February 15, 2019 ISPO Awards Sustainability
A snowy fair concluded earlier this month at ISPO Munich, where sustainability was once again a winner at the annual ISPO Awards. Here’s a few highlights.
Product of the Year: Grüezi Bag
By now we’ve come to trust the performance of sustainable materials for apparel, but how about our sleeping bags?
Going all in, Gruezi Bag’s “Biopod Downwool Nature” are made of 100 percent pure natural materials – from the packaging to the buttons – winning it this year’s ISPO’s Product of the Year Award in the Outdoor segment. If the words “fully natural” aren’t enough to make one sleep easy, it’s also really warm thanks to a combination of down and wool filling.
While grateful for the award, Gruezi says there’s still work to be done on now making the sleeping bag 100 percent compostable.
ISPO Gold Award: Cortazu
To get there, Cortazu has taken a somewhat unique path from the start: initially crowd-funded, Cortazu also implements a direct-to-consumer model which allows them to sell directly to customers and thereby avoid retailer markups.
Cortazu was among the Gold Award winners in the field of outdoor apparel for its Recycled Nylon 3-layer jacket. Just two years young, this Amsterdam-based start-up’s vision is to get people activated outdoors while improving the world around us.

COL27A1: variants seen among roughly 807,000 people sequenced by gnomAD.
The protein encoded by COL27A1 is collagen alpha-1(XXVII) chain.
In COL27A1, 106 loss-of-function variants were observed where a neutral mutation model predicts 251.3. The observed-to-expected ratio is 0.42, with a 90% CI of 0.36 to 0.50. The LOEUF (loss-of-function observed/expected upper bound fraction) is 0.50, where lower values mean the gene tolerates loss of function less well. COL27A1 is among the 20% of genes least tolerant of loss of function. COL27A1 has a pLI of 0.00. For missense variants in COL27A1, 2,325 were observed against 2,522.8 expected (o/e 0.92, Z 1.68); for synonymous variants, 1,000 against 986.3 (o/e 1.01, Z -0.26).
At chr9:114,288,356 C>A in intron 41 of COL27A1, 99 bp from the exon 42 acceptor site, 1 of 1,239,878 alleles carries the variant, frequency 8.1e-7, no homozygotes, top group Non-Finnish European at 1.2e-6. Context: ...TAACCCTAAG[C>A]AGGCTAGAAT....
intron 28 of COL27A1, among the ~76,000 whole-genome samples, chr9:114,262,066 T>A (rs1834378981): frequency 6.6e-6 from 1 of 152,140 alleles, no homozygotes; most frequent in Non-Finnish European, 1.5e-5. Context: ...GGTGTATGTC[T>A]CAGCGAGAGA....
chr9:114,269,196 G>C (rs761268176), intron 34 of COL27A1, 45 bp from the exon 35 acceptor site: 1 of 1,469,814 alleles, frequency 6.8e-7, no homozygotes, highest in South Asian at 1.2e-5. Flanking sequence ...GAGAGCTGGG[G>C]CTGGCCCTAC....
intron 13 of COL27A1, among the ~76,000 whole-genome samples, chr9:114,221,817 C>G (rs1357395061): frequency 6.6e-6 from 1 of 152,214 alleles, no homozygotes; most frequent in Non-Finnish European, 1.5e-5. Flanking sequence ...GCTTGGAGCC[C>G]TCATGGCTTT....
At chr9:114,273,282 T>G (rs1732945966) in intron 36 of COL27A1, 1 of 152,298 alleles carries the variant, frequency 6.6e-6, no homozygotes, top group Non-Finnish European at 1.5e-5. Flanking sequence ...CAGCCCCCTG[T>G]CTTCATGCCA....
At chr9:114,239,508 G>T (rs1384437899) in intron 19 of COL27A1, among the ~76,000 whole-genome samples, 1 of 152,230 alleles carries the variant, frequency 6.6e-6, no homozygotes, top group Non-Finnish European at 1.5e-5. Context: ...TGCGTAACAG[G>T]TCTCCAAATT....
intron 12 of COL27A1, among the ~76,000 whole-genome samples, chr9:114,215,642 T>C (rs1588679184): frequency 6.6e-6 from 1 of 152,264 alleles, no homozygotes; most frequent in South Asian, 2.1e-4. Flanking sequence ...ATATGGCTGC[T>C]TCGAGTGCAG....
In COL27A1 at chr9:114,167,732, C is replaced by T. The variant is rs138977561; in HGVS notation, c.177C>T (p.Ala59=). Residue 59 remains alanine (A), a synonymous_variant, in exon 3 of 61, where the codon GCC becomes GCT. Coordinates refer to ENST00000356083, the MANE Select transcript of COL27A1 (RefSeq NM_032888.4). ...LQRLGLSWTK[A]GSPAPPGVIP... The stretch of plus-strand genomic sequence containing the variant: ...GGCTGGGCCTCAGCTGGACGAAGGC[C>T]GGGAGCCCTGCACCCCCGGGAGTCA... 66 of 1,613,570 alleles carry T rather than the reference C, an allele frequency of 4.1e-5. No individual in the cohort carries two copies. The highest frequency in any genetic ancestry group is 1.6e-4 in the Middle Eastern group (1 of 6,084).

“Winning the ISPO Gold Award,” co-founders Wiebe Poelmann and Wouter de Roy van Zuidewijnwrite in response to the award, “confirms our belief that you can make the highest quality outerwear in a way that is good for the environment, without breaking the bank.”
ISPO and Scandinavian Outdoor Award winner: ECCO
This year, the footwear brand ECCO leaves ISPO Munich with not just one – but two – prestigious awards.
Having just received the ISPO Award in the Outdoor category for Hiking and Trekking footwear for their ECCO SOFT 7 TRED W, ECCO was then awarded the Scandinavian Outdoor Award for their innovative, water-efficient tanning process: DriTan™ by ECCO Leather. This process totally removes 20 liters of water per hide in the tanning process, thereby significantly reducing water consumption and contaminated wastewater.
Header photo: Stéphane Robin/GreenroomVoice